A number of changes are in the pipeline in 2021 which businesses must prepare for now.
Here’s what to look out for in this coming year:
- Lockdown III. New COVID restrictions came into force on 6 January 2021 requiring workers to once again work from home if they can. Despite this more people appear to be going into work than during this first lockdown. We would strongly advise employers to ensure that their COVID risk assessment ensures the safety of their workforce to reduce the risk of claims being brought by those who believe that their health and safety at work has been detrimentally compromised. Click here to find out more
- Due to the Lockdown the Government has recommenced the shielding programme throughout the UK to those who are clinically extremely vulnerable. Anyone who receives a notification from the Government has been advised to stay at home and work from home if they can. Such employees can be Furloughed assuming that they were on the payroll on 30 October 2020 and meet the requirements. Use the Government checklist to see who is eligible to be Furloughed.
- End of Furlough. The Furlough Scheme is due to end at the end of April 2021 unless it is further extended or replaced with another Scheme. The Scheme is only applicable if certain criteria is met. The Job Retention Bonus has now been cancelled. However, another job retention incentive may be introduced at some point.
- Extension of Holiday Carry Over for 2 years. The Working Time Regulations have been amended to allow staff to carry over 4 weeks’ holiday if they were not able to take their 2020 holiday as a result of the pandemic.
Gender Pay Gap Reporting
- By 4 April 2021 data must be published by all qualifying organisations of their gender pay gap for the snapshot date of 5 April 2020. The data must be published on the Government website and a searchable website accessible to both employees and the public.
- From 1 January 2021 Brexit will make it more bureaucratic, difficult and costly to recruit and employ someone from outside the UK & Ireland.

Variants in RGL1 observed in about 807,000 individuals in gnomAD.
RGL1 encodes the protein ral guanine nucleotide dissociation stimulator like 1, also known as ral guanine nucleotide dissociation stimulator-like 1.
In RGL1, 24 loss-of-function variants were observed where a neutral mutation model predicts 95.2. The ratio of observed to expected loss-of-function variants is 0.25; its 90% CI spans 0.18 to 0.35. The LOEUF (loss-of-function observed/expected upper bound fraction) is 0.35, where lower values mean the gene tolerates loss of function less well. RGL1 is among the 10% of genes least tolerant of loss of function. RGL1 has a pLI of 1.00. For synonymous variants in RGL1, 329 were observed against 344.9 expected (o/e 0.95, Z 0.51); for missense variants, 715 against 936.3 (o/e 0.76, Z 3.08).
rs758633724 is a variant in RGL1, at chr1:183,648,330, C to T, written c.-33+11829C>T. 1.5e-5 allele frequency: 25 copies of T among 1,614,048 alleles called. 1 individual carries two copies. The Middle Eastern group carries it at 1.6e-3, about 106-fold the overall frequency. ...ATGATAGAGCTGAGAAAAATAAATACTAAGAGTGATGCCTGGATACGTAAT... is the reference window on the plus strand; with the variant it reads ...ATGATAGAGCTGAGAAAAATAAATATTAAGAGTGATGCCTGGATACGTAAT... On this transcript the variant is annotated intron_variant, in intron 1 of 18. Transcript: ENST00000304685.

- The right to freedom of movement ended on 31 December 2020 when the UK left the EU. Other than Irish nationals anyone who wishes to work in the UK will have to comply with the new “points based” system. This system is designed to attract only skilled workers who are on the relevant Workers will have to speak English, have at least A Level or equivalent qualifications, have a job offer from a licenced sponsor and earn at least £25,600 per annum. However, employers can recruit from the shortage occupational list and pay them slightly less. Employers will therefore need a Sponsor Licence to recruit non-UK workers. More details on how to apply for the Licence can be found here. Employers will need to pay £199 for each sponsorship licence issued and £1000 for each skilled worker for the first 12 months and £500 for each subsequent 6 months period. These costs cannot be passed on to the worker.
- EU workers who are already living and working in the UK can continue to be employed until 30 June 2021. But, such workers will need to obtain settled or pre-settled status from 1 July 2021. After this they will become illegal workers. The Home Office has a template letter employers can use to send to their EU employees.
National Minimum Wage
- The national minimum wage increases in April 2021 to:
|23 and above||£8.91|
|Apprentice (under 19 or in first year)||£4.30|
Statutory Maternity, Paternity, Shared Parental Leave, Adoption & Sick Pay
- Weekly rates increase to £151.97 from Monday 12 April 2021. Statutory Sick increases to £96.35.
Increase to Cap in Tribunal Cases and Statutory Week’s Pay
- The cap to the compensatory award for Unfair Dismissal increases on 6 April 2021 shall increase but we do not yet know by how much. The weeks’ pay will also increase but again we do not yet know to what amount.
- The Government has stated its intention to introduce the Employment Bill which it states will “protect and enhance” workers’ rights beyond Brexit. It has committed to introducing the right to a more predictable and stable contract after 26 weeks in view of the increasing Gig economy and will extend redundancy rights to tackle maternity and pregnancy discrimination in this area. The Bill will also cover new rights to extended leave for neonatal care and give carers the right to take one week’s unpaid leave a year. Interestingly in light of COVID, the Government has also stated that it will consult on making flexible working the default unless employers have good grounds to require otherwise. Watch this space as the Bill continues to make progress in 2021.